|07 Apr 2011||#1|
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Epsilon data breach, who may be affected.
The list of customers affected by the Epsilon database breach continues to grow.
The breach, which took place last week but was announced over the weekend, compromised the e-mail addresses and some names belonging to the customers of many major U.S. companies that outsource their marketing and e-mail communications to Epsilon.
There is no official list of affected companies that's available, and a company spokesperson said Epsilon cannot release the names of its clients. Epsilon is in the midst of conducting an investigation of what led to the security breach.
The list of Epsilon clients whose customer e-mail addresses were stolen is not complete, and is likely to grow. But so far Target, Kroger, TiVo, US Bank, JPMorgan Chase, Capital One, Citi, Home Shopping Network, Ameriprise Financial, LL Bean Visa Card, McKinsey & Company, Ritz-Carlton Rewards, Marriott Rewards, New York & Company, Brookstone, Walgreens, The College Board, Disney Destinations, and Best Buy have notified their own customers about the breach. Hilton Hotels and Ethan Allen are also said to be affected.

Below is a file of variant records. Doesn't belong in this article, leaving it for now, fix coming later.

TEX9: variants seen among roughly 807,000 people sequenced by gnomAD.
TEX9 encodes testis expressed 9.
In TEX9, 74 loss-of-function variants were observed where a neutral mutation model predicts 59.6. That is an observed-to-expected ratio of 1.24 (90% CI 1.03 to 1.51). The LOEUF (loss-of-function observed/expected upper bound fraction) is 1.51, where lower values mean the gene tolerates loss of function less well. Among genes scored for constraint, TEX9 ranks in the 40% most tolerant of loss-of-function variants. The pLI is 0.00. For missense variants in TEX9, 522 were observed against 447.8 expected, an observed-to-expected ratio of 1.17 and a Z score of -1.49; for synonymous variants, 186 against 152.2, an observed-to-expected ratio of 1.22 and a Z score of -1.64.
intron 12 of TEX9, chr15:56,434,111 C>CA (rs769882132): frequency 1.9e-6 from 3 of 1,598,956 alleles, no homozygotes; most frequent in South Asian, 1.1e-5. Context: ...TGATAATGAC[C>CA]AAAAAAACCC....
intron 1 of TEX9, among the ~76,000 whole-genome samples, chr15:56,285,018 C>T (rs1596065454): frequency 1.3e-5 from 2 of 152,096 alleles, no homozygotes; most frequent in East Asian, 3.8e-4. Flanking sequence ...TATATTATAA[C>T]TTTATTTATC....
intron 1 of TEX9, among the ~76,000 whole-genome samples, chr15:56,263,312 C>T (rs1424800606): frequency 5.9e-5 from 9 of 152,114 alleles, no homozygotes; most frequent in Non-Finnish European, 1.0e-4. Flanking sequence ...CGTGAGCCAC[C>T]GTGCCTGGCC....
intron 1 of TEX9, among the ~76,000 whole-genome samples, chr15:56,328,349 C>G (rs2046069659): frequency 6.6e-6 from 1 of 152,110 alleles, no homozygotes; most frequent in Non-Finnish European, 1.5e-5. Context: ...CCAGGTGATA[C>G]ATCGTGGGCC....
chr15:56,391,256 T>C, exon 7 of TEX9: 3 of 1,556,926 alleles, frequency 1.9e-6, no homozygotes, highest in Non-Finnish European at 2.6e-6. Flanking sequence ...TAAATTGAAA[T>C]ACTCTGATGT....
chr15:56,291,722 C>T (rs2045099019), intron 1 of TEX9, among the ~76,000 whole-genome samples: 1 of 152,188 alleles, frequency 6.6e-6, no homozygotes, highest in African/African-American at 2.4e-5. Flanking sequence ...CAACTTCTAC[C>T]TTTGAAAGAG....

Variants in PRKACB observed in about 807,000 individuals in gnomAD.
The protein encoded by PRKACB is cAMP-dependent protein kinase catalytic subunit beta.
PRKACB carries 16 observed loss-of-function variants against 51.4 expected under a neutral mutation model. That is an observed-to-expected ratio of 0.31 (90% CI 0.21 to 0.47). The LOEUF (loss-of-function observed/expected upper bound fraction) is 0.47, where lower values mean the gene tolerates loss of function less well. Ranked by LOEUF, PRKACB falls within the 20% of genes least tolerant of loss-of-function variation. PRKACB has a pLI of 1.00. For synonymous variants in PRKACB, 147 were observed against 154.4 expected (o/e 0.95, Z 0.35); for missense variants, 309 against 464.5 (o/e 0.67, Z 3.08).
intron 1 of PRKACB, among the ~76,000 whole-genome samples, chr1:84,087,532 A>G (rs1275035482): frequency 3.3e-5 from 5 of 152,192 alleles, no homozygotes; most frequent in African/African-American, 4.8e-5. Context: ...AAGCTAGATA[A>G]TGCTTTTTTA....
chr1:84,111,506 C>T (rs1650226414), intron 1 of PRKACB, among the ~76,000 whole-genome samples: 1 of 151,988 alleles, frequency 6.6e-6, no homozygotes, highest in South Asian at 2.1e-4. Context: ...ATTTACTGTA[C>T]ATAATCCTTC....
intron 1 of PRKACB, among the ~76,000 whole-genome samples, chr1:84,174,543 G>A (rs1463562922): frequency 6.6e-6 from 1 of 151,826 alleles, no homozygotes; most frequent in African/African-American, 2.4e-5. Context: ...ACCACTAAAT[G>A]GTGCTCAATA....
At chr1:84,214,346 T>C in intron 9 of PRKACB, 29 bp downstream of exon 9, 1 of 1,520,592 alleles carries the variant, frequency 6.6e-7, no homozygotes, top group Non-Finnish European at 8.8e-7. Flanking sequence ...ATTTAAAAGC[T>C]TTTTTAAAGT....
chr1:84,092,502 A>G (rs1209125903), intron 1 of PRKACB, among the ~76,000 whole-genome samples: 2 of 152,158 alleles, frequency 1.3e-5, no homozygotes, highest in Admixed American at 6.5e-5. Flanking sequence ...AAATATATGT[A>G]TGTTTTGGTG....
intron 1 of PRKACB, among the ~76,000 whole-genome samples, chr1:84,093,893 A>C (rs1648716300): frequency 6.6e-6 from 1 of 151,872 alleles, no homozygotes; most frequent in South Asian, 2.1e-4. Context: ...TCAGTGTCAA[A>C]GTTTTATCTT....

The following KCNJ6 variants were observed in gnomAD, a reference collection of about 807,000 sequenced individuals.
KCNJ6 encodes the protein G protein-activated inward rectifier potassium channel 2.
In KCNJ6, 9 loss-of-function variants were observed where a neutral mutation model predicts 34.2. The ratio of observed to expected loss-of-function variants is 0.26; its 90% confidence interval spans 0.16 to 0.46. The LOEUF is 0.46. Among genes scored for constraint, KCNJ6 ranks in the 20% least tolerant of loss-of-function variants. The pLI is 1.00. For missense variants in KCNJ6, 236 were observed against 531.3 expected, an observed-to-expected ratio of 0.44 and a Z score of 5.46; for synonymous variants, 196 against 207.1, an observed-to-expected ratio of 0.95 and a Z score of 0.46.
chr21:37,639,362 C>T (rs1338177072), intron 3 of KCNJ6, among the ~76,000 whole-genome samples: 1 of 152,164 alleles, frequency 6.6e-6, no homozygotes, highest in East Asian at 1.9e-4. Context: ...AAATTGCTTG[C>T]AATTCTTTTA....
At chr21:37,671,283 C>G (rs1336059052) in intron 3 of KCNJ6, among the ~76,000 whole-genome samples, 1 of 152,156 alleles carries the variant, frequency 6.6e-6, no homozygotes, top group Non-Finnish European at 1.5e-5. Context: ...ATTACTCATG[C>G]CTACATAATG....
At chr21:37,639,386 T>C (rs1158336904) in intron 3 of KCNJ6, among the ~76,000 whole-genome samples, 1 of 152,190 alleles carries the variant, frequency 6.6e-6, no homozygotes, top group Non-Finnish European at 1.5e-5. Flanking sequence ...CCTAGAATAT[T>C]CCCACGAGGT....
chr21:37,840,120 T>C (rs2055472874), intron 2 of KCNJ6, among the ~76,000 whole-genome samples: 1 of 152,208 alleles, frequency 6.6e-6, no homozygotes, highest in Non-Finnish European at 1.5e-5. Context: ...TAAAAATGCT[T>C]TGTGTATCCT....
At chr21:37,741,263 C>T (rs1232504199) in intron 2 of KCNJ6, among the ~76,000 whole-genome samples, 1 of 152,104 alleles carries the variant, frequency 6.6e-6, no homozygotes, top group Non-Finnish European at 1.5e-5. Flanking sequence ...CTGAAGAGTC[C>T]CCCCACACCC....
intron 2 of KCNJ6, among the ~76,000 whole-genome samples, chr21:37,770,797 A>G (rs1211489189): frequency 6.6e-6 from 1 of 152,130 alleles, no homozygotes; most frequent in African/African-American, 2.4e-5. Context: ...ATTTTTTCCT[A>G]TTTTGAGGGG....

How do you know if you're affected?
If you've ever given your e-mail address to any of the above companies, you probably are.
What will happen?
Most of the companies that are talking about it say the information that was stolen is limited to e-mail addresses and possibly names. Credit card companies and banks like Chase and Capital One say they do not believe any financial information was compromised.
But a bunch of e-mail addresses in the wrong hands means what's likely to result is a rise in phishing scams. "Phishing" is an attempt to use e-mail to try to get you to reveal more personal information about yourself. This can include usernames, passwords, Social Security numbers, or account numbers.
What should you do about it?
Do not open e-mail from someone you don't know. That's pretty simple. But you'll also need to be extra vigilant now that phishers may know specifically where you shop, what airline you fly, or where you bank. Look at the e-mail address--if it's purportedly from one of the companies above but ends in something other than .com, especially an international domain like .uk, that's a good indication it's a scam since most phishing attempts originate outside the U.S. Also be on the lookout for spelling errors in the e-mail address, URL, or body of the e-mail, or e-mails whose tone sounds particularly urgent.
If you do open the e-mail, don't click any links. A common phishing practice is to ask people to click a link to update their personal information.
Were you affected by Epsilon data breach? | Security - CNET News
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